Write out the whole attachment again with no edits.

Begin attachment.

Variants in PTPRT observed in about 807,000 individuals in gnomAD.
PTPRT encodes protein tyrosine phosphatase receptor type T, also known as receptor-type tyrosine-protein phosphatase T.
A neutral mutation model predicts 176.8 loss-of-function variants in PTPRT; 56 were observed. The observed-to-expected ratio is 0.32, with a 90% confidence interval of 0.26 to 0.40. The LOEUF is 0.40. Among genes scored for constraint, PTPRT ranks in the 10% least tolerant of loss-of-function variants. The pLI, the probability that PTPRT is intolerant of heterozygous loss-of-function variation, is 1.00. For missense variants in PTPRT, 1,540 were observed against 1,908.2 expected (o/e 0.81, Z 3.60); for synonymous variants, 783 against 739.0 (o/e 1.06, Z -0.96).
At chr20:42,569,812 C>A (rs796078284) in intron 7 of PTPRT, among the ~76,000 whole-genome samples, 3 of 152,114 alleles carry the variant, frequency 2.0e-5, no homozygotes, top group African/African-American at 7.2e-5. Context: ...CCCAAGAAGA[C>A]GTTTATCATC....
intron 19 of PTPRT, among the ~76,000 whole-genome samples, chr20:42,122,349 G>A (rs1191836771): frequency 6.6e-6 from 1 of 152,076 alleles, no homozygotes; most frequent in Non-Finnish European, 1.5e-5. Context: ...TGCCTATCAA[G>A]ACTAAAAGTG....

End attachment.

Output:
Variants in PTPRT observed in about 807,000 individuals in gnomAD.
PTPRT encodes protein tyrosine phosphatase receptor type T, also known as receptor-type tyrosine-protein phosphatase T.
A neutral mutation model predicts 176.8 loss-of-function variants in PTPRT; 56 were observed. The observed-to-expected ratio is 0.32, with a 90% confidence interval of 0.26 to 0.40. The LOEUF is 0.40. Among genes scored for constraint, PTPRT ranks in the 10% least tolerant of loss-of-function variants. The pLI, the probability that PTPRT is intolerant of heterozygous loss-of-function variation, is 1.00. For missense variants in PTPRT, 1,540 were observed against 1,908.2 expected (o/e 0.81, Z 3.60); for synonymous variants, 783 against 739.0 (o/e 1.06, Z -0.96).
At chr20:42,569,812 C>A (rs796078284) in intron 7 of PTPRT, among the ~76,000 whole-genome samples, 3 of 152,114 alleles carry the variant, frequency 2.0e-5, no homozygotes, top group African/African-American at 7.2e-5. Context: ...CCCAAGAAGA[C>A]GTTTATCATC....
intron 19 of PTPRT, among the ~76,000 whole-genome samples, chr20:42,122,349 G>A (rs1191836771): frequency 6.6e-6 from 1 of 152,076 alleles, no homozygotes; most frequent in Non-Finnish European, 1.5e-5. Context: ...TGCCTATCAA[G>A]ACTAAAAGTG....